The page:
Venables was England's coach between 1994 and 1996
Former England coach Terry Venables has turned down the chance to take over as caretaker Newcastle manager.
Newcastle wanted to appoint Venables on a game-by-game deal but the 65-year-old preferred a fixed period contract and said there was "too much uncertainty".
Venables had been holding talks with director of football Dennis Wise and vice-president Tony Jimenez.
They are thought to have an alternative in mind, with Glenn Hoddle and David O'Leary both being linked with the job.
Newcastle had hoped to make an announcement over the vacant manager's position before the weekend as the Magpies try to find some stability in a season that is threatening to spiral out of control.
The club's Carling Cup exit to Tottenham on Wednesday was their third straight defeat since Kevin Keegan's resignation, while owner Mike Ashley is also intent on selling the club.
Venables, who is a close friend of Wise, has been out of work for nearly a year after he was sacked as assistant to former England coach Steve McClaren in November 2007.
"There is one reason and one reason alone why I've turned down the chance to take temporary charge at Newcastle - time," he told The Sun newspaper.
"Newcastle United means too much to too many people to take the job on a short-term basis. It demands total commitment and dedication from a manager who is prepared to throw himself heart and soul into the club.
I didn't want the fans to think I'd gone up there just to pocket a few quid from Mike Ashley
"I didn't want to move up to Tyneside and find myself surplus to requirements before I'd even had the chance to get my teeth into the challenge.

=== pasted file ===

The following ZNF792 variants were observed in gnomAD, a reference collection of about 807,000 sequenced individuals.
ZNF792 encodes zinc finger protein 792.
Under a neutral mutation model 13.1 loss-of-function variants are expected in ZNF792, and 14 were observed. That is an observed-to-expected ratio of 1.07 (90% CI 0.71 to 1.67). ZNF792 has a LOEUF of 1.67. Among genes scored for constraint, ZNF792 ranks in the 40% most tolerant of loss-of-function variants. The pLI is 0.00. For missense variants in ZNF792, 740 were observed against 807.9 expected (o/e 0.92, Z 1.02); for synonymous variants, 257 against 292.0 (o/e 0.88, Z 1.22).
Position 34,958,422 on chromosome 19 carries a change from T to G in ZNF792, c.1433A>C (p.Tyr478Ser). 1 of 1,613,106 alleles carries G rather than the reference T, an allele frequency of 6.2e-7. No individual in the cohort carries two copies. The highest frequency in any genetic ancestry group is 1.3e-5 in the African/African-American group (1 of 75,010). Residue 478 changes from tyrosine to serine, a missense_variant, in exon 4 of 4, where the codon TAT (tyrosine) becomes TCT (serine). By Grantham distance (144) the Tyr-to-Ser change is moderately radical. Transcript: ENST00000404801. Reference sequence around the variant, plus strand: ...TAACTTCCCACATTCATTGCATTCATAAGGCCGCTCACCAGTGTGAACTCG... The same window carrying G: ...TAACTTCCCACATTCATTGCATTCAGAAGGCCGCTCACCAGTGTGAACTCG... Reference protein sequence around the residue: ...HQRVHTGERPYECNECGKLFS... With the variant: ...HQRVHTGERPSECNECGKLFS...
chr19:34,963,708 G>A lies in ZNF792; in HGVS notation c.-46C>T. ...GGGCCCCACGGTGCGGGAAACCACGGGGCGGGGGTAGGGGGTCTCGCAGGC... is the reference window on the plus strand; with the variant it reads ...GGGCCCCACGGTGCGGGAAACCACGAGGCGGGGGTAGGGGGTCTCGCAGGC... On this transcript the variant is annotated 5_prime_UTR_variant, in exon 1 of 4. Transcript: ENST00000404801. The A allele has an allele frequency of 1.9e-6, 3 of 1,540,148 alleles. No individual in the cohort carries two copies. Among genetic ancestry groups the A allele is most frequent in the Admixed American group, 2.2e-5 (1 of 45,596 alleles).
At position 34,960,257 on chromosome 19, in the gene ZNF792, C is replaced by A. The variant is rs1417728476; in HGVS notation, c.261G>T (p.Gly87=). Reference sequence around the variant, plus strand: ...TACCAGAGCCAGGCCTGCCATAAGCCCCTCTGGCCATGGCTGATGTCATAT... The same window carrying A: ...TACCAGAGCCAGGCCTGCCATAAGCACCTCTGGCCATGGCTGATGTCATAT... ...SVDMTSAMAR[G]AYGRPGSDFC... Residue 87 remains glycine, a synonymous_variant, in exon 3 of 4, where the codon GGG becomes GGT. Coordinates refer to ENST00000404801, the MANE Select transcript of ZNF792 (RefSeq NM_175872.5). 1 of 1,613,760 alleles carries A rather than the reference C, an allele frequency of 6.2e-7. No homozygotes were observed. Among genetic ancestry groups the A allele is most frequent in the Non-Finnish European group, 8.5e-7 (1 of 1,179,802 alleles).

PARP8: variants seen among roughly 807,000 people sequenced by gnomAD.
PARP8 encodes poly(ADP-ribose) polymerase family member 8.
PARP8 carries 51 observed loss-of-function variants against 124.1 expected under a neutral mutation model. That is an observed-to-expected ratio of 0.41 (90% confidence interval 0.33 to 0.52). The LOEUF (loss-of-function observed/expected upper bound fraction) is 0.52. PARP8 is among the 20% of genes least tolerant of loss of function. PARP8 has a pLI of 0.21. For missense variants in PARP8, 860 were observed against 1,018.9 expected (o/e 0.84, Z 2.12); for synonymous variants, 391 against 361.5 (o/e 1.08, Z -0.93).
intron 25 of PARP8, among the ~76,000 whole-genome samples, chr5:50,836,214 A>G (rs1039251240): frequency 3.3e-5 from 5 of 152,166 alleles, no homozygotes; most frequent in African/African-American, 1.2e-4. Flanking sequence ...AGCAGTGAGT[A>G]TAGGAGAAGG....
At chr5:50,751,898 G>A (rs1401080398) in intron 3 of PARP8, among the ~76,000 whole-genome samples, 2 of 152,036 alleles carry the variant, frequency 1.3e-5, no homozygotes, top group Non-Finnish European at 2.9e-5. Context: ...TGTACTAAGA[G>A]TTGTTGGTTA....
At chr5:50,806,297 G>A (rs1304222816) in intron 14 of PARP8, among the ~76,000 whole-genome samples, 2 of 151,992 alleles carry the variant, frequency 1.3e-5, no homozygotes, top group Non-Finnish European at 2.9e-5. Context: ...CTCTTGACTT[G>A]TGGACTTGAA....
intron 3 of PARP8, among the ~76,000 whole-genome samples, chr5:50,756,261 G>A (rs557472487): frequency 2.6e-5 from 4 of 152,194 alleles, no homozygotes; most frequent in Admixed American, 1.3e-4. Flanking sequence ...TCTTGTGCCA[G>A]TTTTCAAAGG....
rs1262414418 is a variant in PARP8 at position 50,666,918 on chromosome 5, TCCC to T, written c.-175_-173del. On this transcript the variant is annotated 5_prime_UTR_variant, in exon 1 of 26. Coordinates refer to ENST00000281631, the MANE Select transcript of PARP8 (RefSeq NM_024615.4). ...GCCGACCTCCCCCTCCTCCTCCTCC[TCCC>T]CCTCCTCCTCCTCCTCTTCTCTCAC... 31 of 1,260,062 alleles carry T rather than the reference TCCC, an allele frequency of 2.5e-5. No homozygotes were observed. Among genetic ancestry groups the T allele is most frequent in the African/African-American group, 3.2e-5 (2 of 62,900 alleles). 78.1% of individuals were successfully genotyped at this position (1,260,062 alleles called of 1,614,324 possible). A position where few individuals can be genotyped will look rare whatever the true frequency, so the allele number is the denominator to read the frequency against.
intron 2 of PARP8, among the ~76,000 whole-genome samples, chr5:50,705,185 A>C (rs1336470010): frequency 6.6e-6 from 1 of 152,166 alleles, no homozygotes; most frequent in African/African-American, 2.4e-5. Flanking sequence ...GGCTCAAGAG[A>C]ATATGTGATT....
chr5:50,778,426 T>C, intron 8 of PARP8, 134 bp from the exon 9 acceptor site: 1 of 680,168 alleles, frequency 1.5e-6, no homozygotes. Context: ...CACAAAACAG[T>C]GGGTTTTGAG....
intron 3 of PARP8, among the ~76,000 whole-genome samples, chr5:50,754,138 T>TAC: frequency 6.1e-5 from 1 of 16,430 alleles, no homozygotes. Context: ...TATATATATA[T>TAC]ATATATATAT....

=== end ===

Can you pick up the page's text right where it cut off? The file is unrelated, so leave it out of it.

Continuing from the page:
"The way the job was offered to me meant that I might be working at St James' Park for two months, two years - or two weeks. There was far too much uncertainty involved."
He added: "The Newcastle supporters have suffered more than enough in recent years.
"I didn't want them to think I'd gone up there just to pocket a few quid from Mike Ashley and then wave 'cheerio' a couple of weeks later."
Since Keegan left the club over a dispute regarding control of player transfers, Newcastle have lurched from one crisis to the next.
In an interview with BBC Sport on 18 September, Venables said the so-called foreign model of a head coach and director of football could work but only if the roles are clearly defined.
He said: "It works if everyone's in agreement, if you're in agreement with the situation as a manager then fine. But if you say no and then it's implementing change that is when the problems come in.
"I think the parameters of a manager's job have got to be clearly defined."
Billionaire Ashley, who has pumped £250m into the club, has said he is unable to watch the Newcastle team due to fears over his family's safety.
"I'm now a dad who can't take his kids to a football game because I am advised that we would be assaulted," he said earlier this month.
His search for a manager, either on an interim or permanent basis, has also proved problematic.
Venables was England's coach between 1994 and 1996.
He made his name in management with spells at Crystal Palace and Queens Park Rangers before his exploits saw him appointed Barcelona coach.
Venables was dubbed El Tel and guided the club to a Spanish League title, a League Cup win and a European Cup final - which they lost on penalties to Steaua Bucharest - before being sacked in September 1987.
He took over at Tottenham later that year and won the FA Cup with the club in 1991 before taking a role upstairs as chief executive at White Hart Lane as Sir Alan Sugar took over the club.
Magpies' Venables offer 'disrespectful' - Ince
But a deteriorating relationship between the two led to his acrimonious exit in November 1993, which saw matters end up in the High Court.
After a two-year spell as England coach which culminated in reaching the semi-finals of Euro 96, he had an unhappy spell as consultant and chairman of Portsmouth and failed in his attempts to lead Australia to qualification for the 1998 World Cup.
A foray back at Palace did not go well as the club found itself struggling for money and form.
Venables restored some of his ailing reputation when he was brought in as Bryan Robson's assistant at Middlesbrough and helped the club avoid relegation in 2000.
He did not stay at the Riverside long and went on to manage Leeds in July 2002 but left less than a year later as the club spiralled into financial crisis.
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